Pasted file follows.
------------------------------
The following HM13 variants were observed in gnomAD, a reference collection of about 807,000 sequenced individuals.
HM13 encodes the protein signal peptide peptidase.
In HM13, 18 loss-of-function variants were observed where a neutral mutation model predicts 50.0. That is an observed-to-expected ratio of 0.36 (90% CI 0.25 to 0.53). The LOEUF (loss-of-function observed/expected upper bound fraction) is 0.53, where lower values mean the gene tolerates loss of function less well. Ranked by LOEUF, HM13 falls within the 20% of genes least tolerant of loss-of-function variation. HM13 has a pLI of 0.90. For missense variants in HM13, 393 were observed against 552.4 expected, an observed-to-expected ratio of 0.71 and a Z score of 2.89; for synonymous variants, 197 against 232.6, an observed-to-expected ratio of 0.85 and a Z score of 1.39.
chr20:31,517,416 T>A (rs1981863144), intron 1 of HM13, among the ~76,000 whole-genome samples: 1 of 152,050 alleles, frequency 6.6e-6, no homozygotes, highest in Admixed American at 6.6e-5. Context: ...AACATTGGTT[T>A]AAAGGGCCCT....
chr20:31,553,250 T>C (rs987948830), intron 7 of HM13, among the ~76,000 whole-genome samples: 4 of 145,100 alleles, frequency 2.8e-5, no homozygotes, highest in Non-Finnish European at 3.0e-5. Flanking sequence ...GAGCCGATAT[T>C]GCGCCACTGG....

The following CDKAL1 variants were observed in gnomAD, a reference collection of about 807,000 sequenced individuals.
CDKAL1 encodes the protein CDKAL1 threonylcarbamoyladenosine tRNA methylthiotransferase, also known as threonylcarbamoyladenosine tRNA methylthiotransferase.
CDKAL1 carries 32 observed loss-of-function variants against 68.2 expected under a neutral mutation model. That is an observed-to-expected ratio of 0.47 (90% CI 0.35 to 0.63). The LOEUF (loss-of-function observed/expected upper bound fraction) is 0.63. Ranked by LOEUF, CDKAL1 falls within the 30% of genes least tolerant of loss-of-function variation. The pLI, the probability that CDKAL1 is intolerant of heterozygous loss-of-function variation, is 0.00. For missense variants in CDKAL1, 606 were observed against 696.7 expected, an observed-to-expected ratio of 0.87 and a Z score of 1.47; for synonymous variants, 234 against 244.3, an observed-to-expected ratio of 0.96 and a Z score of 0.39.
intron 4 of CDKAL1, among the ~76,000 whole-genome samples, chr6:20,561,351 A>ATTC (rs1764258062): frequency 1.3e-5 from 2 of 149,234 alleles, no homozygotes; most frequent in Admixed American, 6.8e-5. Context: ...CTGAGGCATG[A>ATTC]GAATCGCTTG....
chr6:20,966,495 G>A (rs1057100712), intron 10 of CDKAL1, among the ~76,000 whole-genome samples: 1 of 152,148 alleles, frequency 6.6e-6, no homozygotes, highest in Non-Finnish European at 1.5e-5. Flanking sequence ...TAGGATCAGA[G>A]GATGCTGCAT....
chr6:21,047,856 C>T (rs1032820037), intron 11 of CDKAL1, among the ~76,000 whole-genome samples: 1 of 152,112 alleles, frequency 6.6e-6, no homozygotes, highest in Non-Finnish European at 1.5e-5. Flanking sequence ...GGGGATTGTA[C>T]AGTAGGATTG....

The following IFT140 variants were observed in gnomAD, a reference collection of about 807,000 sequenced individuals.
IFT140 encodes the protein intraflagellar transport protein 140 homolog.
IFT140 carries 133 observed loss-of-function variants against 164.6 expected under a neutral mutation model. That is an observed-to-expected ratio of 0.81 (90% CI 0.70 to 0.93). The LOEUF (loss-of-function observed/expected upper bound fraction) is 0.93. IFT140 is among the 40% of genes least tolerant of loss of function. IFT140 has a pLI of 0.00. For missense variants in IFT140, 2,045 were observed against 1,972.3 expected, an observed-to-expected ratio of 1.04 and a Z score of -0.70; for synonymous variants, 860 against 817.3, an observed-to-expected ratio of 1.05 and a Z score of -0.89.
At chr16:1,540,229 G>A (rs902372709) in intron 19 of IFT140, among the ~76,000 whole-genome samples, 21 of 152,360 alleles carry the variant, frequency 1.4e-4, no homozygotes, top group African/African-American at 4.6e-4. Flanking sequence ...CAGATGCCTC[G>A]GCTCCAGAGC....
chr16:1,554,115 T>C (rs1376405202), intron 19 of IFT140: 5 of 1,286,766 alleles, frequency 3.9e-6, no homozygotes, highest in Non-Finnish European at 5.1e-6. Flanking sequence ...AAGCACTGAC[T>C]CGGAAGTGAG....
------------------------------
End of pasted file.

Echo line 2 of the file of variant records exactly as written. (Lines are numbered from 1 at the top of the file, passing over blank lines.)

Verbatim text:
HM13 encodes the protein signal peptide peptidase.